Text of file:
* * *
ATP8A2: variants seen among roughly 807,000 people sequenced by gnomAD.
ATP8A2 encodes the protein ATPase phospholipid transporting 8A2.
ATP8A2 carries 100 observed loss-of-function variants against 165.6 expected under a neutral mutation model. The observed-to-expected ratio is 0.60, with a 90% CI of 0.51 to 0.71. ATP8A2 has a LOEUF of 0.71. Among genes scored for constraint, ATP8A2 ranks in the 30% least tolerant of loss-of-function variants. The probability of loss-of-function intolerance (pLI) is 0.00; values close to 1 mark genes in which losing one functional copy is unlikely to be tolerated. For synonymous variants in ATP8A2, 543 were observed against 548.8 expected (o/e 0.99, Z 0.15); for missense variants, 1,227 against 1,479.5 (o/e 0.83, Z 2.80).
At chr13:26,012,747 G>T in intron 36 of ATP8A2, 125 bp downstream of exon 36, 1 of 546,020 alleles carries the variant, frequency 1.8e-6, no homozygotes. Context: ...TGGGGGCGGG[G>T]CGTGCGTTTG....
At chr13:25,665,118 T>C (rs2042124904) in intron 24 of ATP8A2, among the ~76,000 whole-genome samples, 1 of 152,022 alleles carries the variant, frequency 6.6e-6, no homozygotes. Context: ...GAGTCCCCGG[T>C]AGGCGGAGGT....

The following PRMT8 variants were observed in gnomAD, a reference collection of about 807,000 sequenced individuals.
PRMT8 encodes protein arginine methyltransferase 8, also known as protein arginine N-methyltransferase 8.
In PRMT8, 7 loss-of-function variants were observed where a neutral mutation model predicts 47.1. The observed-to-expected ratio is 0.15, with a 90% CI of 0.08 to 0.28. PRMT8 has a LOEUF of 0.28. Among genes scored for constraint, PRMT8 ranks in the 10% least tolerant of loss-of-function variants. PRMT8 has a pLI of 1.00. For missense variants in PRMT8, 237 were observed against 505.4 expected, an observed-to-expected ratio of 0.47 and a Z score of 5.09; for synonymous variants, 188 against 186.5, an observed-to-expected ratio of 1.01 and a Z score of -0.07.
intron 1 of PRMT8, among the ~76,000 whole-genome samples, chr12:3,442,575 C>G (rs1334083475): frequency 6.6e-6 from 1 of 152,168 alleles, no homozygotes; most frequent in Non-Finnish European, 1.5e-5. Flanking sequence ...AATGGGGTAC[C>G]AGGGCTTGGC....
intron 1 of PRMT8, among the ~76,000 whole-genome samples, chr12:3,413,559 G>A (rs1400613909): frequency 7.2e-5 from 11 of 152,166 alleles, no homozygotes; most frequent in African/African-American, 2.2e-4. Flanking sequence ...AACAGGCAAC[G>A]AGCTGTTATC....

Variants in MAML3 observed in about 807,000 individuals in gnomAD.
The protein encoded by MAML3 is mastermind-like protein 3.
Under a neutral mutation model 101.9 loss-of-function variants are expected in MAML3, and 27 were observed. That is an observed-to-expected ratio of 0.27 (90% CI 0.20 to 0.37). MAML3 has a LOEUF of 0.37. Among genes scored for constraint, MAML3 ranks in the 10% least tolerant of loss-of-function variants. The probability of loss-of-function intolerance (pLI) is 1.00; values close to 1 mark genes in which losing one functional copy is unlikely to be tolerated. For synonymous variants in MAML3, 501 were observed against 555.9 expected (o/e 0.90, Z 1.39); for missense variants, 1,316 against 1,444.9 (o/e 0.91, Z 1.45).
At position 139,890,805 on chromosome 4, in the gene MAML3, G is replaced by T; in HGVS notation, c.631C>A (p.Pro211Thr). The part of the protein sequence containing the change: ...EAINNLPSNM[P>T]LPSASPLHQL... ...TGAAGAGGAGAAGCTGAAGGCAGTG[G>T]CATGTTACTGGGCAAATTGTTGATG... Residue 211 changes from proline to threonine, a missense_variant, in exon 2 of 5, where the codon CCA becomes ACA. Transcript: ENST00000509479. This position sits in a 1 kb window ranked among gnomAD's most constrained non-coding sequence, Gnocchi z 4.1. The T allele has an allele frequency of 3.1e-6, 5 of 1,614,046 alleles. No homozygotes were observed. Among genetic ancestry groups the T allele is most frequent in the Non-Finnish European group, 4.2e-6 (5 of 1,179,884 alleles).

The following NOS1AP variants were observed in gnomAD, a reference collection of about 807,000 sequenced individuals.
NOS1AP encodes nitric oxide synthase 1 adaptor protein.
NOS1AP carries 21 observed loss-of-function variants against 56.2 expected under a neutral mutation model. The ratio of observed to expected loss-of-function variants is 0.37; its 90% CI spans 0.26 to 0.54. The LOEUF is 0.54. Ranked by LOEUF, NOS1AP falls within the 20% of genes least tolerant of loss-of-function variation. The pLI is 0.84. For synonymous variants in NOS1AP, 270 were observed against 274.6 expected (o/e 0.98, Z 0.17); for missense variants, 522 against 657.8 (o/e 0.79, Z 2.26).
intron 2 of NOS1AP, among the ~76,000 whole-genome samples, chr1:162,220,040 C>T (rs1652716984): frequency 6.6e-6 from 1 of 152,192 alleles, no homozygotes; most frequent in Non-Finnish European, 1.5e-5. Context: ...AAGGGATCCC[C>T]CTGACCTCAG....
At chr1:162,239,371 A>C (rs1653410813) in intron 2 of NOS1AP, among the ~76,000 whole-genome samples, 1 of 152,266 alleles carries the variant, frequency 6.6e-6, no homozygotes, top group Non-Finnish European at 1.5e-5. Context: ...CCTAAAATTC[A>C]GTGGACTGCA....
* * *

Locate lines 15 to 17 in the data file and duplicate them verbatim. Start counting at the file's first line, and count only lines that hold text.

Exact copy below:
The following NOS1AP variants were observed in gnomAD, a reference collection of about 807,000 sequenced individuals.
NOS1AP encodes nitric oxide synthase 1 adaptor protein.
NOS1AP carries 21 observed loss-of-function variants against 56.2 expected under a neutral mutation model. The ratio of observed to expected loss-of-function variants is 0.37; its 90% CI spans 0.26 to 0.54. The LOEUF is 0.54. Ranked by LOEUF, NOS1AP falls within the 20% of genes least tolerant of loss-of-function variation. The pLI is 0.84. For synonymous variants in NOS1AP, 270 were observed against 274.6 expected (o/e 0.98, Z 0.17); for missense variants, 522 against 657.8 (o/e 0.79, Z 2.26).